OUTSIDE Berlin’s Central Station, the meeting point for tours to Potsdam, a tall, rakish man who looked more like the romantic lead of a telenovela than a tour guide, introduced himself as our guide.
“My name is Felipe,” he said. “I am from Barcelona.”
A Spaniard giving tours in Germany? My sisters and I were intrigued.
Felipe soon became part of our tour, meaning we learned about his life (he had studied philosophy; he was an artist who had exhibited in Milan), his loves (his ex-wife and their six-year-old son), and his mother’s pleas for him to return to Spain to help in the family business.
But first we entered the train station to get a ride to the Wannsee district of Berlin, which connects to Potsdam through the Glienicke Bridge (also known as the “Bridge of Spies”).
The German aristocracy had lived in Potsdam, so we were going there to see some palaces.
Near the platform, Felipe bought each of us a ticket that we could use to take as many rides as we pleased on any public transport that day.
“You just have it registered. No one will ask for your ticket,” he said.
Amazing. If we did this in the Philippines, no bus or train company would ever make a profit.
Dogs and bicycles are allowed on the train. Eavesdroppers too, we learned, after a female commuter who was not part of our tour asked to see the photos of Felipe’s son on his cell phone moments after Felipe showed these to us to explain his motivation for leaving Spain. He wanted to be near his son, whom his ex-wife had taken to live with her in Germany.
Good-looking, intelligent, devoted—what more could you ask for?
If you have never heard of social suicide, I will give you an example now.
In Wannsee, pointing to the bust of Otto von Bismarck, the Father of Germany, Felipe was extolling the brilliance of the Prussian leader in uniting all the German states under him in 1871, when my sister, gripping her stomach, suddenly cut in.
“Excuse me! I need to go to the toilet,” she declared, then amid our stunned silence, “it’s an emergency.”
I thought this was akin to finally meeting the man of your dreams, up close, and then choosing this inopportune time to tell him that you need to take a dump.
Bridge of Spies
After a visit to a toilet on a dock some 300 meters away, we proceeded to the “Bridge of Spies,” so called because it was the site for swaps of captured secret agents between the United States and the Soviet Union during the Cold War.
The bridge over the Havel River connects Berlin’s Wannsee district with Potsdam, capital city of the state of Brandenburg. Potsdam is the site of Sanssouci, the summer palace of Frederick the Great, and the more recently built Cecilienhof Palace.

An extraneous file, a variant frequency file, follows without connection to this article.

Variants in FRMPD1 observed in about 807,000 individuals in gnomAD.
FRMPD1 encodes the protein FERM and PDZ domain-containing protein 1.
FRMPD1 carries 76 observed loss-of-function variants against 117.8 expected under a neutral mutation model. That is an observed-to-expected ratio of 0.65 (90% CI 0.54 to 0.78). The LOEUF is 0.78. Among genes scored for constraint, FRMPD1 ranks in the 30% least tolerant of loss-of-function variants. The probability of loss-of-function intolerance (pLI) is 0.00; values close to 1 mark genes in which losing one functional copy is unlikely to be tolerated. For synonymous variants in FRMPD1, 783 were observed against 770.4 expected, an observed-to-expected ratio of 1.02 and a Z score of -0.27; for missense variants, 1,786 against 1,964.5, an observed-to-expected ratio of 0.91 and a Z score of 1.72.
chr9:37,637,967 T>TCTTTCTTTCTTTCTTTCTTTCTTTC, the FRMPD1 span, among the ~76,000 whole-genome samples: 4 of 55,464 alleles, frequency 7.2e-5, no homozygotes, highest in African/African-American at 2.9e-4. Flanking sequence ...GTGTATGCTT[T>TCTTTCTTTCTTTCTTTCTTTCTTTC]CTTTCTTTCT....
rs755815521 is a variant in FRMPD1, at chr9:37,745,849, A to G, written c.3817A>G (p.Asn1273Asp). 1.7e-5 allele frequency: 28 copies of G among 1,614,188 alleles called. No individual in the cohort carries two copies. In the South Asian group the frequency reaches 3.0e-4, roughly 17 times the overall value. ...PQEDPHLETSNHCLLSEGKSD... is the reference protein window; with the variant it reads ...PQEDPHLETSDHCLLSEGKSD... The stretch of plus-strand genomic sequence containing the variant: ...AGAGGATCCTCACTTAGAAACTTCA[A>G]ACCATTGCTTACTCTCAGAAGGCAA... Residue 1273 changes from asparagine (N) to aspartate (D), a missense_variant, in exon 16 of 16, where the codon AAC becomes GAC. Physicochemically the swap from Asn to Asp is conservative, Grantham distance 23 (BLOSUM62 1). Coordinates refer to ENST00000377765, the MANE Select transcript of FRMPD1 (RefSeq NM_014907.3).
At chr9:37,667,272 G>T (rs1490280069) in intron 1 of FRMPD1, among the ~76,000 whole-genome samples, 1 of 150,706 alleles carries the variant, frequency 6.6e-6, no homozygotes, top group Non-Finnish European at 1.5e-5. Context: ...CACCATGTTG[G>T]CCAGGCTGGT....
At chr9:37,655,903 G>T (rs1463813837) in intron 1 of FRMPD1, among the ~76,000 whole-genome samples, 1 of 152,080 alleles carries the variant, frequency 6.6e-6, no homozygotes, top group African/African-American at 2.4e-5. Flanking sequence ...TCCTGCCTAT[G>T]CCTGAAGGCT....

“Sanssouci means ‘without worries,’” Felipe said, as Frederick the Great, the 18th century Prussian king, had built the palace for his retirement, although he was never able to retire.
The French writer and philosopher Voltaire lived here for two years, on the invitation of Frederick, unlike Frederick’s queen, who was never invited because Frederick, a homosexual, preferred the company of men.
Frederick is buried in a simple plot on the property, close to his beloved Greyhound dogs. People put potatoes on his tomb to recall how Germany survived because he introduced potatoes to the nation.
On our way to Cecilienhof Palace, we walked past some nudists sunning themselves on the lawn between the palaces. Felipe said nudism was practiced in Germany to promote a “free body culture.”
We didn’t feel free with our bodies, so we just focused on getting to Cecilienhof, built in the early 1900s for Crown Prince Wilhelm and his wife Crown Princess Cecilie, after whom the palace was named. Cecilienhof is famous today for hosting the 1945 Potsdam Conference, where the victors of World War 2—US President Harry Truman, Soviet Premier Joseph Stalin and British Prime Minister Winston Churchill (The Big Three)—discussed peace treaties and post-war order.
“The contemporary world is a consequence of what these three men decided here from July 17-August 2, 1945 in the Potsdam Conference,” Felipe said.
We had lunch at Potsdam’s Dutch Quarter, a popular meeting spot for its cafés and restaurants.
The picturesque quarter is close to the Nauen Gate, one of the three preserved gates of Potsdam that used to be connected by a city wall to the two other Potsdam gates—Jäger Gate (Hunters’ Gate) and the “small” Brandenburg Gate.
Soon, we had to leave Felipe behind—but not before I came up with the idea of uploading his picture on Facebook and making him a character in a make-believe story about a female tourist named Jane picking up attractive boyfriends on every stop of her European tour, with Felipe being the first boyfriend—a storyline that tickled pink our friends and family following the story back home.
Near the end of our vacation, I closed the tale by leaving Jane’s fate unknown and disclosing that except for Felipe, all the men I had photographed for the story were total strangers.
Then it was back to reality. Or was it?
Landing in Cebu, I got this Viber message from a friend: “Well?! What happened? Did Felipe and Jane get back together?”